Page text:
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November 10, 2009

“If These Walls Could Talk 2” – Review of a sequel

I have previously reviewed a TV movie called If These Walls Could Talk. Tonight I had the immense pleasure of watching it’s sort-of sequel, If These Walls Could Talk 2. Similar to the first film, this film was set up in three segments, with each segment representing a different period of time and a different set of people – similar problems, but each slightly different. If These Walls Could Talk dealt with the issue of abortion; its sort-of sequel deals with issues faced by lesbians in America across  30 years of so-called change.

Segment one, set in 1961, stars the beautiful, undeniable Vanessa Redgrave as Edith Tree, a women in her senior years who lives with her partner Abby (Marian Seldes). Abby suffers a fall and a stroke, and from the moment she is taken to the hospital to the very end of the segment, the viewer is shown how difficult it was for Edith and Abby to explain their relationship in a way that would be acceptable to other people, and satisfy how they truly felt about each other. In the hospital, Edith is treated as a “friend,” not allowed to visit Abby in the ICU, and not notified of her death. After the funeral, Abby’s next of kin (nephew, niece-in-law, and their daughter) come to the house with Edith and presume to do her the “large favour” of allowing her the choice of one of Abby’s things as a keepsake – seemingly unaware of the true nature of their relationship. Edith is forced to keep up appearances, and try not to strangle them as they flit about her house, treating her as a guest as they help themselves to their inheritance. Vanessa Regrave is to be congratulated, wholeheartedly, on a mindblowingly beautiful performance.

Segment two, set in 1972, stars Michelle Williams, Nina Long and Natasha Lyonne as a group of lesbian university students who share a house together, and who are struggling to have their issues included along with the other feminists’ issues at the university. Along the way, Michelle Williams’ character (Linda) meets Chloe Sevigny’s character (Amy), who is more of the stereotypical “butch” character than the feminine characters portrayed by the other actresses. Linda’s friends belittle her for getting involved with Amy, because Amy, in their eyes, seems too much like a man, which they feel goes against everything they have worked for in getting recognition as equal women.  In the end, Linda must choose between the comfort of the friends she’s come to know and love, or the possibility of love with someone like Amy. This segment serves to highlight the problems within the lesbian community itself, not just in communication with the hetero community.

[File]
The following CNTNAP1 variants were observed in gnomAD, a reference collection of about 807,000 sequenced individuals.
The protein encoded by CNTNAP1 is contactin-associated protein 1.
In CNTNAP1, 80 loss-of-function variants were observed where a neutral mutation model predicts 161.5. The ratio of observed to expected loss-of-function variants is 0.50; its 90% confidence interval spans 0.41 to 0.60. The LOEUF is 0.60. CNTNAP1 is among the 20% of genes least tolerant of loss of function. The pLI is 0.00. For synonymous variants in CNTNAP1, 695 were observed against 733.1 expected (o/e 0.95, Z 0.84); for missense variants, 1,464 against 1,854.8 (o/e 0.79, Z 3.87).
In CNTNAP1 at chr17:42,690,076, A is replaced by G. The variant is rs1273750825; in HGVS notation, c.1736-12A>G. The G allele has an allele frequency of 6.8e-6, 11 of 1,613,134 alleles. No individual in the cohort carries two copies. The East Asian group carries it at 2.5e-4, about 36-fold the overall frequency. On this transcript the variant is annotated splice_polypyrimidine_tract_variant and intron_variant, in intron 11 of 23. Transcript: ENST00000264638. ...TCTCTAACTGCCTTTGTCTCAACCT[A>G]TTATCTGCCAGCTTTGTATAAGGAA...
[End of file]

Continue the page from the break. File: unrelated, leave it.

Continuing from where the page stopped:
Segment three, set in 2000, stars Ellen DeGeneris (also director!) and Sharon Stone as a married couple who are trying find a sperm donor so they can have a baby. What’s beautiful about this segment is the selfless, gracious love displayed between Ellen’s character (Kal) and Sharon’s character (Karen) while they go through the stress and pain of trying to conceive a baby and start an “alternative family.” My favourite part of this segment? Kal’s utter despair at being unable to create a baby with Karen on their own, out of their own love, as is allowed to hetero couples every day. They long for a baby who will look like Kal, because it is Karen who will be impregnated; they want it to be as much “their” baby as is possible. The easy, tender, supportive love shown between these women highlights the struggle than many couples (lesbian or not, really!) go through in order to conceive and have a family of their own.

My regular readers will be aware of how much I normally hate sequels; this case is entirely different. This is not so much a sequel as an “instalment,” a vehicle for the airing out of yet another issue, as seen in the first instalment. Each story in this segment is told with a gentle, yet strangely raw, type of honesty that must be experienced by EVERYONE. Heck, watch part 1 and part 2 together, make a night of it – you’ll be amazed at how you feel after.

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